VOL. 8 | NO. 8 | Saturday, February 14, 2015
Ready.Fund.Grow! Offers Help for Women-Owned, Small Businesses
JOE MORRIS | The Ledger
Small and women-owned businesses will have new sources of capital and know-how in 2015, thanks to a new initiative, Ready.Fund.Grow!, being developed by Pathway Lending and the Tennessee Small Business Development Center (TSBDC), along with a new Women’s Business Center which will be operated by Pathways.
Ready.Fund.Grow! will serve to connect small business owners with lines of credit, which remains tight through standard lending channels even though the overall U.S. economy continues to improve.
The women’s center, one of only six approved by the U.S. Small Business Administration, will focus on women entrepreneurs in the Nashville and Clarksville areas, and is set to open in early 2015 in Nashville’s MetroCenter.
Both initiatives should see a brisk business from the get-go, says Amy Bunton, senior vice president at Pathway Lending, who also is serving as interim director for the Women’s Business Center.
“We are always keeping our eyes open for ways to further support the business community, and both of these were a natural fit for the core competencies we’ve operated in for the last 15 years,” Bunton says of Pathways, which works in low- to moderate-income communities across the state as a U.S. Treasury-certified Community Development Financial Institution.
“We work with a lot of minority- and women-owned businesses, and know what important and growing business sector those are. So when the SBA put out a notification asking if there were any nonprofit organizations that wanted to participate in the Women’s Business Center program, we did a very quick proposal and not even 60 days later, were provided notification that we would receive the designation.”
The center will work with women who already have a business in operation as well as those who are in the planning stages. It will offer consulting, training, peer-to-peer engagement and online webinars and events around expansion, cash flow management and obtaining capital.
“We’re going to do a lot of customized training and working in partnership with other resource providers and private sector companies, so that we can bring things to the marketplace that do not exist right now,” Bunton says.
“For instance, there’s a lot of assistance out there for exporting, and that’s a great diversification strategy for Tennessee businesses. In February, we’re going to get in front of a few dozen businesswomen and let them talk to the experts who are exporting overseas. In those one-on-one conversations, they’ll get a personal touch and some mentoring that’s not available right now.”
The center also will work with its clients to help them receive various certifications around being minority and/or women owned, and then successfully work their companies into the supply chain so that they can obtain contracts.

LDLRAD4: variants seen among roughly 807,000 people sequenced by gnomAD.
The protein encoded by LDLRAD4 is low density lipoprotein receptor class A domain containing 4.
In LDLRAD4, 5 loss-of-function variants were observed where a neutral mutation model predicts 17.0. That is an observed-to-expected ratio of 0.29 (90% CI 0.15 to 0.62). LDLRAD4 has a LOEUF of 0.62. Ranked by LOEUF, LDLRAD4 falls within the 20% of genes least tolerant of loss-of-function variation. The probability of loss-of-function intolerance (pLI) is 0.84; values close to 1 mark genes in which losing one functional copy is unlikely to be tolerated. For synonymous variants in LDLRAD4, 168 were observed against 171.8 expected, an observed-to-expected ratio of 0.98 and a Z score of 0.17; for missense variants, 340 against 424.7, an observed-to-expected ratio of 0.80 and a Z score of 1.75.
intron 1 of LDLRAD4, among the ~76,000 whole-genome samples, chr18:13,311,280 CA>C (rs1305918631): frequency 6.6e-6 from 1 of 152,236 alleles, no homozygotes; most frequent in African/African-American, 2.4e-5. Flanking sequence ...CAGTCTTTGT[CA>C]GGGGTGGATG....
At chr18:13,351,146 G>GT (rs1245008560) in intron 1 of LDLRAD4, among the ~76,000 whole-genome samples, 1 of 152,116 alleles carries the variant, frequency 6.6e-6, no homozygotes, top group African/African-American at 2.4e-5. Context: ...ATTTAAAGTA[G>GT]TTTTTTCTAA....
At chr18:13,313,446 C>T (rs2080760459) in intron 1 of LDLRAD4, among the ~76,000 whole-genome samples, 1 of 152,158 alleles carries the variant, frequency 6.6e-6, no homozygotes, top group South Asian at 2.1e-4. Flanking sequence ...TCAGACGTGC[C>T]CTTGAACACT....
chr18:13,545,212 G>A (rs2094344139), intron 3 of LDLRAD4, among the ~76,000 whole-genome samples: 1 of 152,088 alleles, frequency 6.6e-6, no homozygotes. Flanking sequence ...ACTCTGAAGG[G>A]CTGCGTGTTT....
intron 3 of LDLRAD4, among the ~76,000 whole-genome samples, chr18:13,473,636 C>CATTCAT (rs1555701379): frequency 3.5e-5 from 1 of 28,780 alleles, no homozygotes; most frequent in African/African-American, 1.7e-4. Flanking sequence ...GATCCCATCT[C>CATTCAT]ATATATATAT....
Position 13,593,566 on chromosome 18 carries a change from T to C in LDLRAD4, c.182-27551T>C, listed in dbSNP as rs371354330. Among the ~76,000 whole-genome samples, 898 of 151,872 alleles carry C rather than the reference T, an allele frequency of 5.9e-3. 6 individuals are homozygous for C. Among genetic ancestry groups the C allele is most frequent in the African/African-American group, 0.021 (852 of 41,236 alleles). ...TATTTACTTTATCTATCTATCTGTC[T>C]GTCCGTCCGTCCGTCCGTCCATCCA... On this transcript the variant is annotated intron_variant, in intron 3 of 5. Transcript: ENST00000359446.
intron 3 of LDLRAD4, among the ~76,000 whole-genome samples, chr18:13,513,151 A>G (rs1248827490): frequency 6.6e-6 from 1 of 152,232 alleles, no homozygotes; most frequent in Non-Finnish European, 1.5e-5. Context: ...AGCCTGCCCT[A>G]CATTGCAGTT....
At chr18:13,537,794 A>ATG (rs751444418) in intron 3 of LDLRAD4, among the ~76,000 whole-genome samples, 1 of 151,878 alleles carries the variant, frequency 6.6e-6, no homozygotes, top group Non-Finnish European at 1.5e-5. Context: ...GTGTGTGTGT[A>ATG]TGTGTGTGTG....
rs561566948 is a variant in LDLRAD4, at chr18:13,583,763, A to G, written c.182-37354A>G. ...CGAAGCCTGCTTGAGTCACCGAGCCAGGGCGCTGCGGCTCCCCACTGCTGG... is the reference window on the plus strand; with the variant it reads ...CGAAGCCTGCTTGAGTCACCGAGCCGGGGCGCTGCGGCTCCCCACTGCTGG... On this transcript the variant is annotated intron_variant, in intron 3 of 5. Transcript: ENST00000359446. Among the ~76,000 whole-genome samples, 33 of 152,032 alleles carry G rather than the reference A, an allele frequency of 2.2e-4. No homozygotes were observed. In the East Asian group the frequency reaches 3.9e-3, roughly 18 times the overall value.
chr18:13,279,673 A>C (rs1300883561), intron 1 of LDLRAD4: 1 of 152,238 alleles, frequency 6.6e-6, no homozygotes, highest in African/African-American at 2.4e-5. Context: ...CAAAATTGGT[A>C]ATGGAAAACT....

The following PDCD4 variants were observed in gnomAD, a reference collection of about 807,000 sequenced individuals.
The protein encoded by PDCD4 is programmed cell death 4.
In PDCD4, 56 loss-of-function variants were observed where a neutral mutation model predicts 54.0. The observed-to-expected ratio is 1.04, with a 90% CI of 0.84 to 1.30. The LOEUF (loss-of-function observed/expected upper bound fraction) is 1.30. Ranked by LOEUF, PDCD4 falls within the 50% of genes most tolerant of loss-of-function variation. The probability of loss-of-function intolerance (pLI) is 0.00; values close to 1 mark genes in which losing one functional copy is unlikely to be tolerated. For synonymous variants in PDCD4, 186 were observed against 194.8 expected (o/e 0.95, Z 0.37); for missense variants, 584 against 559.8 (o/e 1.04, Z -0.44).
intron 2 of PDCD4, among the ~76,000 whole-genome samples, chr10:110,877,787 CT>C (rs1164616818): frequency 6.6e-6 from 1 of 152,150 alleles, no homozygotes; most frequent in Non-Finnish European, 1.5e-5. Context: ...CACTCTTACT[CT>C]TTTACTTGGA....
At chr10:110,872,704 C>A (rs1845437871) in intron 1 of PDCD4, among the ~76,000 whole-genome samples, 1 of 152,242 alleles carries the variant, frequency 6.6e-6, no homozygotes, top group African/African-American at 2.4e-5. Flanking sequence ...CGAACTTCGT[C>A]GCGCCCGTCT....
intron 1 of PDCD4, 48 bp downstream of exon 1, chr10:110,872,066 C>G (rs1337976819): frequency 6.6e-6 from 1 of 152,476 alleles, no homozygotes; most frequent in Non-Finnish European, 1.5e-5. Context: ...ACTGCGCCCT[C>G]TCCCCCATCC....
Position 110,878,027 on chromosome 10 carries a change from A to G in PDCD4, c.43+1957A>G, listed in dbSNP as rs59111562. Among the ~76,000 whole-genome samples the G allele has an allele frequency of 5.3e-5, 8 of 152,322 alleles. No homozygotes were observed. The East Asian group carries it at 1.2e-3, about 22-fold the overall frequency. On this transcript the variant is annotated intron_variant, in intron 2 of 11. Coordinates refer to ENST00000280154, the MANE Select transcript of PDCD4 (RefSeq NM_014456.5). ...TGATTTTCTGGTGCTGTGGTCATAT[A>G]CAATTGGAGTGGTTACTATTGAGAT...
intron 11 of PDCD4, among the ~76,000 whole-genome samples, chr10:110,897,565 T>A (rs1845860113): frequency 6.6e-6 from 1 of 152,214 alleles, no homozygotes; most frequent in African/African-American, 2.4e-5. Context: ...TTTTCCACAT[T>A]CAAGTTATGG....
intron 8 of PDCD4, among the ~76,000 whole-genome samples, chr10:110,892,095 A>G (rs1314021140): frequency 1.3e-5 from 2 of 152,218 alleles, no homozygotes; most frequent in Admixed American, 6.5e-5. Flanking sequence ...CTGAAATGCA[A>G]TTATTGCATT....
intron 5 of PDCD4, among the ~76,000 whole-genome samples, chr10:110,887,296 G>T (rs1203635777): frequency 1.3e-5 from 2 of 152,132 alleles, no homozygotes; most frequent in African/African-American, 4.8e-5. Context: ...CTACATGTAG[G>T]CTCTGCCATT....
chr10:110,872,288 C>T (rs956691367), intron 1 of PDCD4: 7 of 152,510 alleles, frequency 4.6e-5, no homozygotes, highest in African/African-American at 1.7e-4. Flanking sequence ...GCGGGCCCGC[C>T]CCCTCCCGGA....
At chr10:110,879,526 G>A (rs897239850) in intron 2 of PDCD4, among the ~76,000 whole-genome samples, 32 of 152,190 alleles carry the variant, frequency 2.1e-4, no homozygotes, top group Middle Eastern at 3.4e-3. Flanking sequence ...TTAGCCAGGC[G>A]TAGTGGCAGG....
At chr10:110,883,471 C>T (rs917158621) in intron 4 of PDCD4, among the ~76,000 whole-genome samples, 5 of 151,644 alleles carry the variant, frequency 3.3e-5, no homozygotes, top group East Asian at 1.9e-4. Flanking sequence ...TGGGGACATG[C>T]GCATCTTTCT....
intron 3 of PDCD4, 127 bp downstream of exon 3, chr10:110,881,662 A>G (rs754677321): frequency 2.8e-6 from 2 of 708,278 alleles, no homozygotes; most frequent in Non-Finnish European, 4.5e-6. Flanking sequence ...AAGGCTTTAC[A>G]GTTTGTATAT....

In so doing, it will focus on industry sectors that are flourishing in Tennessee, such as the automotive industry.
“We want to focus on all business types, obviously, but those that are here and doing well will get plenty of attention,” Bunton says.
“We want to look at technology, retail, industrial, manufacturing and all kind of service providers, so that we have a good stable of resources.”
As far as the automotive industry goes, Pathways already has a ready partner in the state’s DRIVE! Region consortium, which is recognized by the U.S. Economic Development Administration’s Investing Manufacturing Communities Partnership (ICMP) as a supporter of that sector.
“In 2013, the federal government launched the ICMP, which was designed to bring together several federal agencies to help communities in different ways, but through one organization,” explains Charles Shoopman Jr., assistant vice president of the University of Tennessee Institute for Public Service.
“They wanted proposals on how a region might restore and boost manufacturing in that area, so we worked with 14 organizations around the automotive industry, and last April received our designation as one of 12 ICMP partnership regions across America.”
The DRIVE! Region covers 69 counties, and works to grow the automotive sector and sustain its competitiveness in that area. Having strong women-owned companies will only help that effort, Shoopman says.
“Having more of those is certainly something important to the DRIVE! Agenda, and so we are glad to help the new center ensure that innovation is occurring within all kinds of companies within the automotive supply chain,” he says. “These are both exciting programs, and as we see more and more new companies coming into fruition, we’ll see more development and initiatives within the automotive sector so that growth and innovation continue in the region.”
The center and DRIVE! also will likely interact with the Ready.Fund.Grow! Initiative, which will see the TSBDC and Pathways collaborate to bring companies together with funding.
Pathways will finance qualified applicants who have worked through TSBDC’s centers across the state, while the TSBDC will work with those clients to develop loan packages that will receive accelerated underwriting from Pathways.
Loan amounts will range up to $100,000, and will be available for machinery and equipment, working capital, supplies and materials, inventory, accounts receive and purchase-order financing.
Applicants must have been in business for 24 months, and be able to show that they can take on debt. The two partners have already worked out approval criteria, so that the applicants who make it through the process will be well positioned for approval.